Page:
We all have memories, however hazy, of our kindergarten days – playtime, dancing, painting, sandpit action and stories on the mat.
The children of New Lynn Kindergarten will remember something even larger than life.
They'll remember the day they named a Tunnel Boring Machine (TBM) and painted their handprints onto her metal exterior, wishing her well as she prepares to begin her mahi underground.
The children came up with an imaginative new name: Princess Twilight Super Worm. The name follows the tradition of TBMs carrying a female moniker
Princess Twilight Super Worm is about to start her work on the Clinker and Ambrico Place stormwater improvement project, tunnelling a distance of 550m underground from Rankin Avenue, New Lynn to an outfall in Manawa Wetland Reserve over the next eight months.
This $25 million project will support growth in the area, paving the way for new homes and a new community park.
Auckland Council Healthy Waters General Manager Craig McIlroy recognises that big infrastructure projects with major benefits can also create disruption.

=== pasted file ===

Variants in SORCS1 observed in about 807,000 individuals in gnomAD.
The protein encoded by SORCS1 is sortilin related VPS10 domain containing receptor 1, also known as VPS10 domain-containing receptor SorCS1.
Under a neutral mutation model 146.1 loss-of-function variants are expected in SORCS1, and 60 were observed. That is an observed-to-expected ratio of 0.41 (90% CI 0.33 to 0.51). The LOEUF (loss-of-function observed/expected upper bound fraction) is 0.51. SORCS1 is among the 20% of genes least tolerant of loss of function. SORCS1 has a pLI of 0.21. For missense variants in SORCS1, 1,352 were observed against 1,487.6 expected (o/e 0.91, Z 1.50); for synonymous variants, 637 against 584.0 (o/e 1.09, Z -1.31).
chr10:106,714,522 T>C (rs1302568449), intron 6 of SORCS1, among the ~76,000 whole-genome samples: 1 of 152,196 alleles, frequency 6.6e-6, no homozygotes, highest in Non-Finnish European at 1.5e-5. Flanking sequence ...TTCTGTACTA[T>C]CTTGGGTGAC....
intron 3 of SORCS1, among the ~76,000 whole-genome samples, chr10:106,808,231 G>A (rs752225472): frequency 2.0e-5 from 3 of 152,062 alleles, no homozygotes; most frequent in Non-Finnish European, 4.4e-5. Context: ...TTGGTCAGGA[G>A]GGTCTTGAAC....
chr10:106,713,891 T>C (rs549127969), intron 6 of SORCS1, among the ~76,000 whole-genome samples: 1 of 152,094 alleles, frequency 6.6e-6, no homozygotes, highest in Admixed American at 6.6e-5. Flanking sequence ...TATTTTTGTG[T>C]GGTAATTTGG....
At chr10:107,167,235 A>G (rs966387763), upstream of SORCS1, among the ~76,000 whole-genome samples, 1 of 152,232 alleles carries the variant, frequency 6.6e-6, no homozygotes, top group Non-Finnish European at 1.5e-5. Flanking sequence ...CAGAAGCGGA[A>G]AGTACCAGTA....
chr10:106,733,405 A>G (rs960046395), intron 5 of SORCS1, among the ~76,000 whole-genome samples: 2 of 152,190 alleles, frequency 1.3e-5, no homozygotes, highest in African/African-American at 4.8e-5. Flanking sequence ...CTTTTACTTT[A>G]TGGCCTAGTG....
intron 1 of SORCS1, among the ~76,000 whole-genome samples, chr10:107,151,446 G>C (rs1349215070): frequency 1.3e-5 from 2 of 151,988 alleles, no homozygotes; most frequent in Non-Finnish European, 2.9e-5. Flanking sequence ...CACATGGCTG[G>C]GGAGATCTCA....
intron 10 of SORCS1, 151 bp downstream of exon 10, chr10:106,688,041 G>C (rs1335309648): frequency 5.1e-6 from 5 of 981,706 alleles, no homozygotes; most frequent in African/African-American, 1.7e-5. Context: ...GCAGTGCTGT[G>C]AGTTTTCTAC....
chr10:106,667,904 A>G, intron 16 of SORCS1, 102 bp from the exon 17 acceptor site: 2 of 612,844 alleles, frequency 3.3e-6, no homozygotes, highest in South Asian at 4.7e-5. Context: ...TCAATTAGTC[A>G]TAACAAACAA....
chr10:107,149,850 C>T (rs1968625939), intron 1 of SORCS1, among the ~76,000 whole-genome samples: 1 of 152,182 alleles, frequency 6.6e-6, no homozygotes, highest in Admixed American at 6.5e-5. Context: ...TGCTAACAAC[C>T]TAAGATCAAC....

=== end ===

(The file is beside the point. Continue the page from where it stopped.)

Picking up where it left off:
“It’s wonderful to be able to enhance the experience for New Lynn Kindergarten and I’d like to thank them and the local community for their patience while we carry out our work in the area,” he says.
Auckland Council and contractors Abergeldie Complex Infrastructure Limited are working to involve the local community where possible and plan to host a community day when the nearby Ambrico Reserve is reinstated next year.
New Lynn Kindergarten explains that their tamariki drew on their literary knowledge, connecting the actions of the TBM with one of their favourite stories Superworm by Julia Donaldson. They voted on the name during mat time, where voting is a regular part of the kaupapa, helping them learn to make decisions based upon their learning experiences. A teacher says that getting up close to Princess Twilight Super Worm is a great opportunity for tamariki to extend their knowledge.